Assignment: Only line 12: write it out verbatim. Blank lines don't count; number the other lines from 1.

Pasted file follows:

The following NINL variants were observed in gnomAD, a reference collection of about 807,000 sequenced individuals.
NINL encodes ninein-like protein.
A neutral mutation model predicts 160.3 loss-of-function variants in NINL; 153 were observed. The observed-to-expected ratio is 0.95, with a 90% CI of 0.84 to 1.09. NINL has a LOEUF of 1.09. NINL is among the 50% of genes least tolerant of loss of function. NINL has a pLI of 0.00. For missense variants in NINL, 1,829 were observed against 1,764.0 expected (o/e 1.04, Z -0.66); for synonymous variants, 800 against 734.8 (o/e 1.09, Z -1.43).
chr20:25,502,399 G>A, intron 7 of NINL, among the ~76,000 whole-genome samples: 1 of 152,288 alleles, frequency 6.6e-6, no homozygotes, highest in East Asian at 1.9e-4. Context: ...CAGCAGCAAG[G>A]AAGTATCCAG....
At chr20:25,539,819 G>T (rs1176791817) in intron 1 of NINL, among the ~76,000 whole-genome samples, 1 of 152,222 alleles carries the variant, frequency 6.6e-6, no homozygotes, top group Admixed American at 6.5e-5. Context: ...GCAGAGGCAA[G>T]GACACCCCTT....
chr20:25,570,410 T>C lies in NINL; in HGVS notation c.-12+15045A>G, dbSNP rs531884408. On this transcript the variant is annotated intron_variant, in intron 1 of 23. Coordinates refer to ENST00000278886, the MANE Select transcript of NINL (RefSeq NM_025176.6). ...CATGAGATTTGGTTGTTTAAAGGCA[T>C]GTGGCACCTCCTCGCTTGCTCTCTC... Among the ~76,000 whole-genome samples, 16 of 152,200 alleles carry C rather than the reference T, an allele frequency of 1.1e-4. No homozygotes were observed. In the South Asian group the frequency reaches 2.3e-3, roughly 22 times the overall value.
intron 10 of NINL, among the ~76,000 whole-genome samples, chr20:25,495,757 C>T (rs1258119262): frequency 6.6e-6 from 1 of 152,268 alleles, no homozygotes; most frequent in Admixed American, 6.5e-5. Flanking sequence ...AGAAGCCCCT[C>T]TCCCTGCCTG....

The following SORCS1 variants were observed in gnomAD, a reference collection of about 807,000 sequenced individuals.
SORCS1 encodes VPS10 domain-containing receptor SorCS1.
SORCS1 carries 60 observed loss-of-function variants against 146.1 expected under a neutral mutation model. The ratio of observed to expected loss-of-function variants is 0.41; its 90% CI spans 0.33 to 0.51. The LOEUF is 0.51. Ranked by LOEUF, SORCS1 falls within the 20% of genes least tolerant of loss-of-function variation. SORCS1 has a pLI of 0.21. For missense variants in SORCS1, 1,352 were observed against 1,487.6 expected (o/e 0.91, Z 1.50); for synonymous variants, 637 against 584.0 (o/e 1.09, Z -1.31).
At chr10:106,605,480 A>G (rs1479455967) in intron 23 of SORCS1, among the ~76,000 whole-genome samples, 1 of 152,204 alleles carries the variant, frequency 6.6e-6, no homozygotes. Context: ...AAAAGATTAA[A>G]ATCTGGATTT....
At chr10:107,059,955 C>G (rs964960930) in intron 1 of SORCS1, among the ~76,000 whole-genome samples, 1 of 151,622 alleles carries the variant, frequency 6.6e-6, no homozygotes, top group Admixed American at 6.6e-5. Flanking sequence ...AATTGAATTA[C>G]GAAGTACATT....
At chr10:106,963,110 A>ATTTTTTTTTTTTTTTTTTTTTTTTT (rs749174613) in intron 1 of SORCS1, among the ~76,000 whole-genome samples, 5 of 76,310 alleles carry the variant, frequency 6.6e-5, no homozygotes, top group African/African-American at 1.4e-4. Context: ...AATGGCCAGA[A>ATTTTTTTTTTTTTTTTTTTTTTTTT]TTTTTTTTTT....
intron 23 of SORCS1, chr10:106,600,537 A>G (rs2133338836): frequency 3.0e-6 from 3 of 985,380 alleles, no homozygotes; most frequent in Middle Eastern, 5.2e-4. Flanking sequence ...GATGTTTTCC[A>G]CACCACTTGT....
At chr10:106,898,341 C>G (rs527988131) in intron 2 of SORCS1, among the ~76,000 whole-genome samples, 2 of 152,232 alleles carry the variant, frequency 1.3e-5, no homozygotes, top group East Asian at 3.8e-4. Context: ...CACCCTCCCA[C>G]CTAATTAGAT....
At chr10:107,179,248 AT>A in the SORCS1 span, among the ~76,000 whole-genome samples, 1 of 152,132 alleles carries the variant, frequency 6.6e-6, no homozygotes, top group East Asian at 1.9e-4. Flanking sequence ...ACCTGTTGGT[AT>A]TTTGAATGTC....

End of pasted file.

At chr10:107,059,955 C>G (rs964960930) in intron 1 of SORCS1, among the ~76,000 whole-genome samples, 1 of 151,622 alleles carries the variant, frequency 6.6e-6, no homozygotes, top group Admixed American at 6.6e-5. Flanking sequence ...AATTGAATTA[C>G]GAAGTACATT....